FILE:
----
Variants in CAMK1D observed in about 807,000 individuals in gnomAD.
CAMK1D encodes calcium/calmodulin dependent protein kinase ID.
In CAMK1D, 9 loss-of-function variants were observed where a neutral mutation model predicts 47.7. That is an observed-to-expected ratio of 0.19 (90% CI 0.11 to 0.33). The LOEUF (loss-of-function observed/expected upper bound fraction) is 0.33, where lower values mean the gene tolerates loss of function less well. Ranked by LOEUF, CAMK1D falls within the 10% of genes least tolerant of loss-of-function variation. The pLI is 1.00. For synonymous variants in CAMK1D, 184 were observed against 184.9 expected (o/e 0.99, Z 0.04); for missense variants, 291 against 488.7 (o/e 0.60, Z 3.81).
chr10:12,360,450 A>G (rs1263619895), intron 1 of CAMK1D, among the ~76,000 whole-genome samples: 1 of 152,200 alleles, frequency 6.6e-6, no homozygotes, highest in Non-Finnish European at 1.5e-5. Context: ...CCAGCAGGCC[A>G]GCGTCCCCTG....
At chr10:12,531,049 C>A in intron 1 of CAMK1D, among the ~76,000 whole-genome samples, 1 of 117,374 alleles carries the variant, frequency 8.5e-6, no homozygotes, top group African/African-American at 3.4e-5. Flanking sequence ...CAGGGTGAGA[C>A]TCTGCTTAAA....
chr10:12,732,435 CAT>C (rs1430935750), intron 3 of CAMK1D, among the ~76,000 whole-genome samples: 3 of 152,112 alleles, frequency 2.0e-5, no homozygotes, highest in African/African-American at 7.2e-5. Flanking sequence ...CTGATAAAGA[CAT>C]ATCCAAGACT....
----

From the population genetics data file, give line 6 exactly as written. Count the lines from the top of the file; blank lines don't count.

chr10:12,732,435 CAT>C (rs1430935750), intron 3 of CAMK1D, among the ~76,000 whole-genome samples: 3 of 152,112 alleles, frequency 2.0e-5, no homozygotes, highest in African/African-American at 7.2e-5. Flanking sequence ...CTGATAAAGA[CAT>C]ATCCAAGACT....